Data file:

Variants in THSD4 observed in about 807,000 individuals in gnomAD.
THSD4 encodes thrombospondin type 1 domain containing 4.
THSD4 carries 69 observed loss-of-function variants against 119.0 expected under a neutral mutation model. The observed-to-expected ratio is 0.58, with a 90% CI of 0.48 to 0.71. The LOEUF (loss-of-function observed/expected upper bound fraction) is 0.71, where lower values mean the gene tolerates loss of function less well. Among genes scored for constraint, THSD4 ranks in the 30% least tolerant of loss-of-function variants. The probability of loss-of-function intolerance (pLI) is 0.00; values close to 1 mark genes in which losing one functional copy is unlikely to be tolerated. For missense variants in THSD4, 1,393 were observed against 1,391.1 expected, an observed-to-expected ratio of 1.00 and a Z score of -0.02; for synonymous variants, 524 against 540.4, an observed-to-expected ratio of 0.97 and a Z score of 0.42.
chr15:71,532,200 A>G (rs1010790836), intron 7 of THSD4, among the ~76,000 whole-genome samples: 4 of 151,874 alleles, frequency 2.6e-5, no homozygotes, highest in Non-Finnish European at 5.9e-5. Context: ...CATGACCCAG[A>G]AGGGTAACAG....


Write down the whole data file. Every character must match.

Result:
Variants in THSD4 observed in about 807,000 individuals in gnomAD.
THSD4 encodes thrombospondin type 1 domain containing 4.
THSD4 carries 69 observed loss-of-function variants against 119.0 expected under a neutral mutation model. The observed-to-expected ratio is 0.58, with a 90% CI of 0.48 to 0.71. The LOEUF (loss-of-function observed/expected upper bound fraction) is 0.71, where lower values mean the gene tolerates loss of function less well. Among genes scored for constraint, THSD4 ranks in the 30% least tolerant of loss-of-function variants. The probability of loss-of-function intolerance (pLI) is 0.00; values close to 1 mark genes in which losing one functional copy is unlikely to be tolerated. For missense variants in THSD4, 1,393 were observed against 1,391.1 expected, an observed-to-expected ratio of 1.00 and a Z score of -0.02; for synonymous variants, 524 against 540.4, an observed-to-expected ratio of 0.97 and a Z score of 0.42.
chr15:71,532,200 A>G (rs1010790836), intron 7 of THSD4, among the ~76,000 whole-genome samples: 4 of 151,874 alleles, frequency 2.6e-5, no homozygotes, highest in Non-Finnish European at 5.9e-5. Context: ...CATGACCCAG[A>G]AGGGTAACAG....